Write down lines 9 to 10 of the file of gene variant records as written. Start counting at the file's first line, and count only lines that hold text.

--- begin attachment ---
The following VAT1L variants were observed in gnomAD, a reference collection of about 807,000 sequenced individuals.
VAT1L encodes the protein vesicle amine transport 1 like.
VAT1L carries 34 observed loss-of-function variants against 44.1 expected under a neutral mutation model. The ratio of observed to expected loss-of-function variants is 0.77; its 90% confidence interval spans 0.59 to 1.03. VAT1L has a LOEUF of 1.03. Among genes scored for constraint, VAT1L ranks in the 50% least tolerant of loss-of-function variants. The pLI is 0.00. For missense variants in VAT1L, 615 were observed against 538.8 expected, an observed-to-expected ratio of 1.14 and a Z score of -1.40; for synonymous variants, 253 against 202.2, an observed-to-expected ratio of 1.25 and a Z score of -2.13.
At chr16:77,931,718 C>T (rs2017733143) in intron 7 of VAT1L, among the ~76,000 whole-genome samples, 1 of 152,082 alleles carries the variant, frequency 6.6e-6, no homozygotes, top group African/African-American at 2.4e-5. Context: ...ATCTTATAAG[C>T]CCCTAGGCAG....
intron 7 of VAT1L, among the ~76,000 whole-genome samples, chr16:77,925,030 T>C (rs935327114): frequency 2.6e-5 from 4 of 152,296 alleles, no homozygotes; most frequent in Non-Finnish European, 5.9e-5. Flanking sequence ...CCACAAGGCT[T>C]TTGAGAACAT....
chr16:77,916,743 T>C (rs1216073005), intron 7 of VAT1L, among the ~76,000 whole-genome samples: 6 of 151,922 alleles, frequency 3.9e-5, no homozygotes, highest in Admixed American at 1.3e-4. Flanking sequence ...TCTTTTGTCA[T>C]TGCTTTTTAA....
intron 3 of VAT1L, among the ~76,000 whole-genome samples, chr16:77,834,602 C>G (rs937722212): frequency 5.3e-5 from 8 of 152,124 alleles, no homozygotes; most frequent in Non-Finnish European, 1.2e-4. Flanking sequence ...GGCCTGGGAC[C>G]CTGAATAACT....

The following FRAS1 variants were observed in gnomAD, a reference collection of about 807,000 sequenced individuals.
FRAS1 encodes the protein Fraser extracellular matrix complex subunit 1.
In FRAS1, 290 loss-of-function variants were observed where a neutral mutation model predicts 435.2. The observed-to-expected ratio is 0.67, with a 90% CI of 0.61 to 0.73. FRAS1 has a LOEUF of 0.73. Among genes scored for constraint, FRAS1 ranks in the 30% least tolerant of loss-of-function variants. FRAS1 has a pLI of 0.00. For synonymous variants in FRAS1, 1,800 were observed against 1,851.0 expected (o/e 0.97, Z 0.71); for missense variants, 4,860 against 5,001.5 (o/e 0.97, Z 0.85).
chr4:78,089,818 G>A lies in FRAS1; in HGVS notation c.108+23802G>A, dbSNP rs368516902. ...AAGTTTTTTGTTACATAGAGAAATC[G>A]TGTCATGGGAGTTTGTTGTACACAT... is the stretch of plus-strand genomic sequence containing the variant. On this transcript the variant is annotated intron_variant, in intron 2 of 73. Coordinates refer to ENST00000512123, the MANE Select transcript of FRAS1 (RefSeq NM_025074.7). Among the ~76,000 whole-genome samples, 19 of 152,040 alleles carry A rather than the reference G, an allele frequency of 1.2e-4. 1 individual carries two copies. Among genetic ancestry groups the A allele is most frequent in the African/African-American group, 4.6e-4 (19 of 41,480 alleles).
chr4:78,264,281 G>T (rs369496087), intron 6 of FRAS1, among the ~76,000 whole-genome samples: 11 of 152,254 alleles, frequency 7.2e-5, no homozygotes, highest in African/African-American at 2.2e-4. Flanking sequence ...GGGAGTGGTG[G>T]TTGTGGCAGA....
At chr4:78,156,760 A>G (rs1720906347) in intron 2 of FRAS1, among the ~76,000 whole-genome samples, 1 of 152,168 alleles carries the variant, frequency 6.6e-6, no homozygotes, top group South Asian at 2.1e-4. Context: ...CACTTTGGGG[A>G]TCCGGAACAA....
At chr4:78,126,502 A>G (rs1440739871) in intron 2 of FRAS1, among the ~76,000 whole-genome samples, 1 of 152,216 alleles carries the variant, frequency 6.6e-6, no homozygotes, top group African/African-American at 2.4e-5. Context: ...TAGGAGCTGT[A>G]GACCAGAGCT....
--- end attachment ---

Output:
FRAS1 encodes the protein Fraser extracellular matrix complex subunit 1.
In FRAS1, 290 loss-of-function variants were observed where a neutral mutation model predicts 435.2. The observed-to-expected ratio is 0.67, with a 90% CI of 0.61 to 0.73. FRAS1 has a LOEUF of 0.73. Among genes scored for constraint, FRAS1 ranks in the 30% least tolerant of loss-of-function variants. FRAS1 has a pLI of 0.00. For synonymous variants in FRAS1, 1,800 were observed against 1,851.0 expected (o/e 0.97, Z 0.71); for missense variants, 4,860 against 5,001.5 (o/e 0.97, Z 0.85).